Researchers did an analysis of a survey from 1,455 study participants and revealed that while some individuals benefited from following a particular diet, this had absolutely no independence of their blood type.

Take, for instance, people who follow the type A diet tended to end up with a lower body mass index (BMI) and a lower blood pressure level than other study participants. This result was achieved regardless of whether the participants themselves had blood that was type A, type B, type AB, or type O.

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A Brief Food List for Each Blood Type: What to Eat and Avoid

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If you would like to explore the feeding plan, below is a short outline of what foods you can eat and those you should stay away from based on your specific blood type:

Blood type O

If you have blood type O, just like an estimated 46 per cent of the world’s population, the O blood type diet suggests that you avoid grains like wheat, dairy products, alcohol and caffeine. Go for foods like vegetables, fruits, and lean, organic meats.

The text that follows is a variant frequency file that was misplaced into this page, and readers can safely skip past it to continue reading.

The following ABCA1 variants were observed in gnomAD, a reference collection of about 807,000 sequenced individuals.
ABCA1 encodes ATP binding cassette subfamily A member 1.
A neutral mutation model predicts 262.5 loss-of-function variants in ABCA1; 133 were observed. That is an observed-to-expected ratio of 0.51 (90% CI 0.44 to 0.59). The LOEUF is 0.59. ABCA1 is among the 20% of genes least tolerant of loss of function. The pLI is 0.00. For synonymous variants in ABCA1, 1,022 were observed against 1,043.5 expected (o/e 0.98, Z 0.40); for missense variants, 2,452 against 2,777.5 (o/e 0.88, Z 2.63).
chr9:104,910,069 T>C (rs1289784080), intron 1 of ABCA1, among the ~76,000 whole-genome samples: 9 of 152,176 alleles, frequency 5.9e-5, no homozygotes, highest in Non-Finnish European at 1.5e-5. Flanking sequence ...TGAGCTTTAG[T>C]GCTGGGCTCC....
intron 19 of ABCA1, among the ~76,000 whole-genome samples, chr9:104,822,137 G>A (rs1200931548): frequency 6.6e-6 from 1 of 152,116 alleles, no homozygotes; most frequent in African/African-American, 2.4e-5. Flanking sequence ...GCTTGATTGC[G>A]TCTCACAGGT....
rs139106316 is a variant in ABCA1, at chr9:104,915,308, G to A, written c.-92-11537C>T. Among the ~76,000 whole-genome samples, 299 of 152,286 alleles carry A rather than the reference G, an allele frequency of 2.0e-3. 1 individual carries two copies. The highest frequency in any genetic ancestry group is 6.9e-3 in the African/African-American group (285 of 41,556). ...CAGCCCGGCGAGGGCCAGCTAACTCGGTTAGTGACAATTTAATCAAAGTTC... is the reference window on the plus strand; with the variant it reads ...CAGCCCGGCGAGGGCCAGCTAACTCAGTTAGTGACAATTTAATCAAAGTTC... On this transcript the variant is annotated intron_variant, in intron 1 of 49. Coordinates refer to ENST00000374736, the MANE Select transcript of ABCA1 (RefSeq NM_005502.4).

Blood type A

People who have the A blood type are advised to gear toward a vegetarian diet, including grains, soy proteins, and vegetables. These people are also encouraged to feed on organic and fresh foods in the most natural state possible.

Blood type B

People who have B blood type are classified as omnivores who are allowed to eat a variety of foods. These categories of people should avoid certain foods — such as wheat, corn, buckwheat, tomatoes, lentils, sesame seeds, peanuts, and chicken.

Athena should instead opt for options like a goat, mutton, lamb, rabbit, eggs, low-fat dairy products and green vegetables.

Blood type AB

For people who have the AB blood type, they should choose food options like tofu, salmon, seafood, and mahi-mahi. Dairy products like kefir and yoghurt and green vegetables such as kale and broccoli.